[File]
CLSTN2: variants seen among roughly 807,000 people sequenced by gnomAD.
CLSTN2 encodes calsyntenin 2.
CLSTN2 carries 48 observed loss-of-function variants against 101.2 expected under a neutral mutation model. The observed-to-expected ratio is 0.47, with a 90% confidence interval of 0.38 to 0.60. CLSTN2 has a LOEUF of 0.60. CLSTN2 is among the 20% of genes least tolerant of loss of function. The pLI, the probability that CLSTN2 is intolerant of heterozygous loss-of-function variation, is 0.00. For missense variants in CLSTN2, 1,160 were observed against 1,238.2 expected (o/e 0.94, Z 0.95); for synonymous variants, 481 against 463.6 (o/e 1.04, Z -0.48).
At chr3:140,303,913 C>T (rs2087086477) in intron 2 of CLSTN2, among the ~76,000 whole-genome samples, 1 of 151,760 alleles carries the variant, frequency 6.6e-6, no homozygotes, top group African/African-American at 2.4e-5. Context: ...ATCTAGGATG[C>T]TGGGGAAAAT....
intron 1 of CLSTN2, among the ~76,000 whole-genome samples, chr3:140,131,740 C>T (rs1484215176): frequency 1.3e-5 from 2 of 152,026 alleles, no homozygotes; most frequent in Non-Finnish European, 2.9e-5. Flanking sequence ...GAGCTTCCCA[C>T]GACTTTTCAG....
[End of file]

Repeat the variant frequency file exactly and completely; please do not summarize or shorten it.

CLSTN2: variants seen among roughly 807,000 people sequenced by gnomAD.
CLSTN2 encodes calsyntenin 2.
CLSTN2 carries 48 observed loss-of-function variants against 101.2 expected under a neutral mutation model. The observed-to-expected ratio is 0.47, with a 90% confidence interval of 0.38 to 0.60. CLSTN2 has a LOEUF of 0.60. CLSTN2 is among the 20% of genes least tolerant of loss of function. The pLI, the probability that CLSTN2 is intolerant of heterozygous loss-of-function variation, is 0.00. For missense variants in CLSTN2, 1,160 were observed against 1,238.2 expected (o/e 0.94, Z 0.95); for synonymous variants, 481 against 463.6 (o/e 1.04, Z -0.48).
At chr3:140,303,913 C>T (rs2087086477) in intron 2 of CLSTN2, among the ~76,000 whole-genome samples, 1 of 151,760 alleles carries the variant, frequency 6.6e-6, no homozygotes, top group African/African-American at 2.4e-5. Context: ...ATCTAGGATG[C>T]TGGGGAAAAT....
intron 1 of CLSTN2, among the ~76,000 whole-genome samples, chr3:140,131,740 C>T (rs1484215176): frequency 1.3e-5 from 2 of 152,026 alleles, no homozygotes; most frequent in Non-Finnish European, 2.9e-5. Flanking sequence ...GAGCTTCCCA[C>T]GACTTTTCAG....